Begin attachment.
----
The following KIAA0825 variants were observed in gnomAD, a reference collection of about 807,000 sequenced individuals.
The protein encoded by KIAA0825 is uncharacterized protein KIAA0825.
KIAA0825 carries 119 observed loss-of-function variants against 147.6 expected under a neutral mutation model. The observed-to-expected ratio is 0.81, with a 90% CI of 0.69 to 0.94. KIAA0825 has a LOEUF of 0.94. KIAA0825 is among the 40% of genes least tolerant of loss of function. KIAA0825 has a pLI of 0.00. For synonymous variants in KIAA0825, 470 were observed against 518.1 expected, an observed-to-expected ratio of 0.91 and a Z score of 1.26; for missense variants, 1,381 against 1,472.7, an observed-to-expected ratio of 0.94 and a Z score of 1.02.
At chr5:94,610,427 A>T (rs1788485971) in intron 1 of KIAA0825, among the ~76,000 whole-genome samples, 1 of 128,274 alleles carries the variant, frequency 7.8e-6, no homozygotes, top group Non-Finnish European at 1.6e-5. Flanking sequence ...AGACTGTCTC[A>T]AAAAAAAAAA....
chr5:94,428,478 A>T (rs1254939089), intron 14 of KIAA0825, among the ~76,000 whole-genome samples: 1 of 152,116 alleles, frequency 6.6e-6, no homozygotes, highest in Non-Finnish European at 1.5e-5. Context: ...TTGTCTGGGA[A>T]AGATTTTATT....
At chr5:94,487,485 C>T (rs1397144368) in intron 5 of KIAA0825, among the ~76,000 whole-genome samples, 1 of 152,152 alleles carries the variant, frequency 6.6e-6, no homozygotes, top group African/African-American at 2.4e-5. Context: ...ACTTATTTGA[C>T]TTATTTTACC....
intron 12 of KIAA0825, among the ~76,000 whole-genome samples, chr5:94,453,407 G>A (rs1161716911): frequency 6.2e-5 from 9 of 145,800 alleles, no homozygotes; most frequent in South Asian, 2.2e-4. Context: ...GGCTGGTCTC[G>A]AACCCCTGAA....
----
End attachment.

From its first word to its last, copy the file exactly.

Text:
The following KIAA0825 variants were observed in gnomAD, a reference collection of about 807,000 sequenced individuals.
The protein encoded by KIAA0825 is uncharacterized protein KIAA0825.
KIAA0825 carries 119 observed loss-of-function variants against 147.6 expected under a neutral mutation model. The observed-to-expected ratio is 0.81, with a 90% CI of 0.69 to 0.94. KIAA0825 has a LOEUF of 0.94. KIAA0825 is among the 40% of genes least tolerant of loss of function. KIAA0825 has a pLI of 0.00. For synonymous variants in KIAA0825, 470 were observed against 518.1 expected, an observed-to-expected ratio of 0.91 and a Z score of 1.26; for missense variants, 1,381 against 1,472.7, an observed-to-expected ratio of 0.94 and a Z score of 1.02.
At chr5:94,610,427 A>T (rs1788485971) in intron 1 of KIAA0825, among the ~76,000 whole-genome samples, 1 of 128,274 alleles carries the variant, frequency 7.8e-6, no homozygotes, top group Non-Finnish European at 1.6e-5. Flanking sequence ...AGACTGTCTC[A>T]AAAAAAAAAA....
chr5:94,428,478 A>T (rs1254939089), intron 14 of KIAA0825, among the ~76,000 whole-genome samples: 1 of 152,116 alleles, frequency 6.6e-6, no homozygotes, highest in Non-Finnish European at 1.5e-5. Context: ...TTGTCTGGGA[A>T]AGATTTTATT....
At chr5:94,487,485 C>T (rs1397144368) in intron 5 of KIAA0825, among the ~76,000 whole-genome samples, 1 of 152,152 alleles carries the variant, frequency 6.6e-6, no homozygotes, top group African/African-American at 2.4e-5. Context: ...ACTTATTTGA[C>T]TTATTTTACC....
intron 12 of KIAA0825, among the ~76,000 whole-genome samples, chr5:94,453,407 G>A (rs1161716911): frequency 6.2e-5 from 9 of 145,800 alleles, no homozygotes; most frequent in South Asian, 2.2e-4. Context: ...GGCTGGTCTC[G>A]AACCCCTGAA....